We are like young trees. The bounty of God is like the rain. Through the bounties of God we are
able to grow, flourish and give forth the fruits of goodly deeds and praiseworthy character.
Decide which of the following will attract the bounties of God.

Praying daily
Reading the Word of God
Teaching the Faith
Being lazy
Studying diligently
Working hard
Desiring to have things we don’t need
Imploring God for the ability to serve humanity

“Now, when you think of yourselves, what are some of the images that come to your mind?”
asks Natalia Petrovna.

“A lamp shedding the light of love, the light of knowledge and the light of a good character,”
says Elena.

“God’s dominion,” says Katya.

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“A treasury full of the pearls of God’s mysteries,” says Anton.

“And a tree that bears the fruits of goodly deeds,” says Lida.

Natalia Petrovna turns to Ivan. “What do you think now, Ivan? Is it possible for people to forget
what it is to be a human being?”

“I suppose, it is,” answers Ivan. “We forget who we are, when we forget God and His teachings.”

“You are absolutely right,” says Natalia Petrovna. “Bahá’u’lláh warns us against becoming
careless of all the wonderful qualities God has given us. He says: ‘O friends! Be not careless of
the virtues with which ye have been endowed, neither be neglectful of your high destiny.’”

She then asks them all to memorize these words of Bahá’u’lláh:

O friends! Be not careless of the virtues with which ye have been endowed, neither be
neglectful of your high destiny. Suffer not your labors to be wasted through the vain
imaginations which certain hearts have devised. Ye are the stars of the heaven of
understanding, the breeze that stirreth at the break of day, the soft-flowing waters upon
which must depend the very life of all men, the letters inscribed upon His sacred scroll.

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LESSON 2

During the week, Ivan keeps thinking about the words of Bahá’u’lláh. He looks at himself and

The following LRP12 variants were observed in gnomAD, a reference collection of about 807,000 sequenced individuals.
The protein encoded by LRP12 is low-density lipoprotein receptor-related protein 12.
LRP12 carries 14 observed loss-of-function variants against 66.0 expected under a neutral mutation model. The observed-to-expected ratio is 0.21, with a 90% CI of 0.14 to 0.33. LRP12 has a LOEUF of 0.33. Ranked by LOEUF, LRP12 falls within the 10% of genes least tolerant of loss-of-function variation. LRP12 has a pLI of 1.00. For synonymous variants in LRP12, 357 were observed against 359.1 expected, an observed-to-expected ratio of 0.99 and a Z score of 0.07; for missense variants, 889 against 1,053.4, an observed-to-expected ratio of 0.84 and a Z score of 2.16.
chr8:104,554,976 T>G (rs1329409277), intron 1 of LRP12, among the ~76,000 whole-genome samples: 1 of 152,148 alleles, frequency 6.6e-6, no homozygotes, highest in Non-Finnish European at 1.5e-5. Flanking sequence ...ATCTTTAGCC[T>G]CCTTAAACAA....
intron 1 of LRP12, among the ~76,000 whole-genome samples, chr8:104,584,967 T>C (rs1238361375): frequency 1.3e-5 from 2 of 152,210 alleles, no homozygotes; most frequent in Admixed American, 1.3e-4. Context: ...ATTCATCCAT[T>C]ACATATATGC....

others in a new way. “We are God’s lamps,” he remembers, “we are God’s treasury.” But he still
has difficulty understanding why some people do such terrible things. “Why do they turn away
from God and His teachings?”

It is the next meeting of the group. After Katya and Anton have recited a prayer each, Natalia
Petrovna reminds everyone of the theme of the previous session. She then asks:

“We are God’s lamps. Where does our light come from?”

“It comes from God,” answers Marina.

“Yes. Love comes from God,” says Natalia. “Justice comes from God. Mercy, generosity, and
wisdom come from God. He is the source of all these qualities. Whichever way we turn, we see
signs of the power of God, of His knowledge and His bounty.”

“My children’s class teacher used to say that we should be as firm as rocks in our love for
Bahá’u’lláh. I guess rocks should remind us of strength and firmness,” says Igor.

“Yes, that’s true. And which of the signs of God do you see when you look at a towering
mountain?” asks Natalia.

“Firmness again?” asks Vera.

“Yes, but also power and majesty,” says Natalia.

“And my mother says that she is reminded of God’s generosity each time she sees the rain
pouring down from the clouds,” says Elena.

“Think of how the rays of the sun shine upon everything on earth,” says Natalia, “in the desert,
upon the sea, on the leaves and blossoms of the trees. The light of God also shines on every
created thing and is reflected in it. Abdu’l-Bahá tells us that ‘The world, indeed each existing
being, proclaims to us one of the names of God.’”

“I wonder which of the names of God is shining on me!” says Boris.

“All of them,” say Natalia Petrovna. ‘Abdu’l-Bahá says that we are ‘the noblest of all beings, the
sum of all perfections.’”

“I like to be noble,” says Anton.

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“You are noble, Anton,” says Natalia,“but you must always remember that you have all the signs
of God in you. You should never forget this.” She then asks Lida to read:

Noble have I created thee, yet thou hast abased thyself. Rise then unto that for which thou
wast created.

“What does ‘abase’ mean?” asks Lida.

“Think of a person who owns precious jewels but throws them away and collects pebbles,” says
Natalia Petrovna. “He is rich, but he makes himself poor. When we throw away the precious
qualities God has given us we abase ourselves.”

Reflections:

We have been created noble. Decide which of the following actions or conditions correspond to
our nobility and which of them will abase us. Mark them with an “N” or an “A” accordingly.

____ Using bad language ____ Telling lies

____ Breaking our promises ____ Being generous